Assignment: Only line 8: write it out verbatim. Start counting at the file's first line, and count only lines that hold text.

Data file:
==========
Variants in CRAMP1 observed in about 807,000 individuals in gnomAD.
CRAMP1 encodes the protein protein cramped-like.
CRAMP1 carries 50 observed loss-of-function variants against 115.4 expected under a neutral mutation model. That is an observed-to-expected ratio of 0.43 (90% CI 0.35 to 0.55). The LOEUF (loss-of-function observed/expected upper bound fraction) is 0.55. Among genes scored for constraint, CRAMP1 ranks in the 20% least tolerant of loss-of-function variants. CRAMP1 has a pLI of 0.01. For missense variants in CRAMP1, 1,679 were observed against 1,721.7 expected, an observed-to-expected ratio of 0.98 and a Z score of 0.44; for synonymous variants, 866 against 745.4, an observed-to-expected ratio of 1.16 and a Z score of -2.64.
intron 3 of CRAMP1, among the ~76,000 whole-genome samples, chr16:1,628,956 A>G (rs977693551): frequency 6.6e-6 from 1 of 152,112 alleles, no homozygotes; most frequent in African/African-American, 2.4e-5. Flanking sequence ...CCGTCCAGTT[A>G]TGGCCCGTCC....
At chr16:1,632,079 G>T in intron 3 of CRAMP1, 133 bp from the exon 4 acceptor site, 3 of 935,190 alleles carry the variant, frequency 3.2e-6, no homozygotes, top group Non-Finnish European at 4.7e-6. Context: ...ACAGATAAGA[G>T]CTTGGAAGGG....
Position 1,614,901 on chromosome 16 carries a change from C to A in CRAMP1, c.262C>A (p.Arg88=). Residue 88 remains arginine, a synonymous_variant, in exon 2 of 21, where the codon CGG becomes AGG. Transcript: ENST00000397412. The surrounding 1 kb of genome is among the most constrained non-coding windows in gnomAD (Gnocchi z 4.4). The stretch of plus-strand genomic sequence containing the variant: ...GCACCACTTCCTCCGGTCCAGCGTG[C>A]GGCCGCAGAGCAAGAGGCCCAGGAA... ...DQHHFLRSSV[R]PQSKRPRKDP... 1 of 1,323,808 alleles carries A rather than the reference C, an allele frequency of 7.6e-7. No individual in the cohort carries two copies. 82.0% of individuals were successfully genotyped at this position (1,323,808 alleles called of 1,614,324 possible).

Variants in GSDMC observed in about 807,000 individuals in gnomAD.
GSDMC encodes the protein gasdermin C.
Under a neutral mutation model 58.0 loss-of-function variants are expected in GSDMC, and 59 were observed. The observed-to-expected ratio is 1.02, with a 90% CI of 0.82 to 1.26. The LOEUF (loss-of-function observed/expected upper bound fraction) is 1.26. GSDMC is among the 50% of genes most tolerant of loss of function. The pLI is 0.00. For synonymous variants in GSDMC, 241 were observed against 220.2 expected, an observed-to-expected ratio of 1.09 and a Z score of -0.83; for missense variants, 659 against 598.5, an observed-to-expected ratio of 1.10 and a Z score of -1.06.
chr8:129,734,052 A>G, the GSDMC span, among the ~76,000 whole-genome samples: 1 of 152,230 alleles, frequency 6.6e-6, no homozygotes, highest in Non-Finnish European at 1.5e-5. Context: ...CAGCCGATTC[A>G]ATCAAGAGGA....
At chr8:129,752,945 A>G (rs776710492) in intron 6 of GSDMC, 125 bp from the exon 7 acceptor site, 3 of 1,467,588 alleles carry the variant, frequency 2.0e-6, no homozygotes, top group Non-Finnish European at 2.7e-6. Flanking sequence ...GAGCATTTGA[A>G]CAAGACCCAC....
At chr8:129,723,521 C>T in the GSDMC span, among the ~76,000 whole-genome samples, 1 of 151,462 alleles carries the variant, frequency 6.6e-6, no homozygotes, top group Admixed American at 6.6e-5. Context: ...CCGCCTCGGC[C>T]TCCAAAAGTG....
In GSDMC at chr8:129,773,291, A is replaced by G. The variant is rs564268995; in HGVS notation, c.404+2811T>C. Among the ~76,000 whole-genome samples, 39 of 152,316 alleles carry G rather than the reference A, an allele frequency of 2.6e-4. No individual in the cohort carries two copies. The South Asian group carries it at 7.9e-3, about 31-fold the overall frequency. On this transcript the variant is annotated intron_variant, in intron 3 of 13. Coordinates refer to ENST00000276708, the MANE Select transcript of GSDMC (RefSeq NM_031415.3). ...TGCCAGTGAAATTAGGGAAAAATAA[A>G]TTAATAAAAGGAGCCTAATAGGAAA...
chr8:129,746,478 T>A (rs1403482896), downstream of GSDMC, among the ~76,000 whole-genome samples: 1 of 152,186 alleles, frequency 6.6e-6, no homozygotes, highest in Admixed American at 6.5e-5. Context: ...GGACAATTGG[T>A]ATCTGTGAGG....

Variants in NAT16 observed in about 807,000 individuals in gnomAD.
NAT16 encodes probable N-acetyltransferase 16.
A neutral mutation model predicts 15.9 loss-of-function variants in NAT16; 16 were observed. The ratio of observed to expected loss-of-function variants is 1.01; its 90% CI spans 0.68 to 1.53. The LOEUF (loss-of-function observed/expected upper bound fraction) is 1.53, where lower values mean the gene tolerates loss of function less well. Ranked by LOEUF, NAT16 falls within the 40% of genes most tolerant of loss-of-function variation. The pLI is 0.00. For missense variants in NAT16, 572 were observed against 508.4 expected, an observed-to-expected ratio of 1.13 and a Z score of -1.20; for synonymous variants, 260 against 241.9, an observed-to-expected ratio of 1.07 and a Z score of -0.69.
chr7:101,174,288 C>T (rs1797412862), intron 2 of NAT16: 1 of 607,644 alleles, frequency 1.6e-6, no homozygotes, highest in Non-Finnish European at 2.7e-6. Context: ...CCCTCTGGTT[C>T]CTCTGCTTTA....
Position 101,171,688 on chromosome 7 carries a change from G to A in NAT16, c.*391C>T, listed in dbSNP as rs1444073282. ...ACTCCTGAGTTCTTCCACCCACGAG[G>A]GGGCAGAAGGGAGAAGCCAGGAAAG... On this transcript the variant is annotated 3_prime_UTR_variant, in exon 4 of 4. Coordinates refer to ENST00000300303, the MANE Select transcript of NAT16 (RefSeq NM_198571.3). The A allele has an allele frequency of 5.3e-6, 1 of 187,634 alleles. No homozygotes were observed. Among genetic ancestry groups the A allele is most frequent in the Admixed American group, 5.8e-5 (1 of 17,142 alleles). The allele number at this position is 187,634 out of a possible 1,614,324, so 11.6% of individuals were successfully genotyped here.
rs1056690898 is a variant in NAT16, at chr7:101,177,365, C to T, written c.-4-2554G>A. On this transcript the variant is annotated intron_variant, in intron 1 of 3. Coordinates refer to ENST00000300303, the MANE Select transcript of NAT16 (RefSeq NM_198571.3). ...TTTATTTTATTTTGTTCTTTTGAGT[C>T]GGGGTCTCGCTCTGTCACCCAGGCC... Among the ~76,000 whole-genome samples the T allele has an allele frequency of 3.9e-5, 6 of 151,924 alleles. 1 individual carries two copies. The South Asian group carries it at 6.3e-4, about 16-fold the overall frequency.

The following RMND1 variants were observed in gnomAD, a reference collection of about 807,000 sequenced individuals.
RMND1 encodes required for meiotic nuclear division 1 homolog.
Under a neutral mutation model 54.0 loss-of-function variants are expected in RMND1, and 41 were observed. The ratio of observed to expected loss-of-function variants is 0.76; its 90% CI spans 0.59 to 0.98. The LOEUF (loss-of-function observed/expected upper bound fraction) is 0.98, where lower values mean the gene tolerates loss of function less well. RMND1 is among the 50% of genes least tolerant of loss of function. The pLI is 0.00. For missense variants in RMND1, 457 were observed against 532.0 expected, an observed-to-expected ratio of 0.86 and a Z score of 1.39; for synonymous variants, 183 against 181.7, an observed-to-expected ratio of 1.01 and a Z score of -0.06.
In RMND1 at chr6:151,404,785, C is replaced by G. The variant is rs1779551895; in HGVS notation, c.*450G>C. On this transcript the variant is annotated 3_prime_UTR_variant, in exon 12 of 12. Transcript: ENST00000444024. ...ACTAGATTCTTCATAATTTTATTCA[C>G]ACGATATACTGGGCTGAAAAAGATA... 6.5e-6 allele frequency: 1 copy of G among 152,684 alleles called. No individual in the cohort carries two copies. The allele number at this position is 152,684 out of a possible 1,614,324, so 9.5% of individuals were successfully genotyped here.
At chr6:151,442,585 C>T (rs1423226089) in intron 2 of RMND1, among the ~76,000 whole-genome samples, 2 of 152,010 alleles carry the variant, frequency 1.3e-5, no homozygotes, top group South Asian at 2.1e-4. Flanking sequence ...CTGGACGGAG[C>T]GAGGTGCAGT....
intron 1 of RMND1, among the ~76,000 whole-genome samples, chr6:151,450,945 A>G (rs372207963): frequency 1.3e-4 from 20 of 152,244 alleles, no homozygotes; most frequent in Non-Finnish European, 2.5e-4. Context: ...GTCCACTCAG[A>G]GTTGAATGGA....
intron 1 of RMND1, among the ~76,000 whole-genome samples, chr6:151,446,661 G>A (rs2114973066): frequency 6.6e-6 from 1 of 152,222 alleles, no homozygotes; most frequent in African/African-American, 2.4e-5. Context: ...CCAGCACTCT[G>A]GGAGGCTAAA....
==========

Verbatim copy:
GSDMC encodes the protein gasdermin C.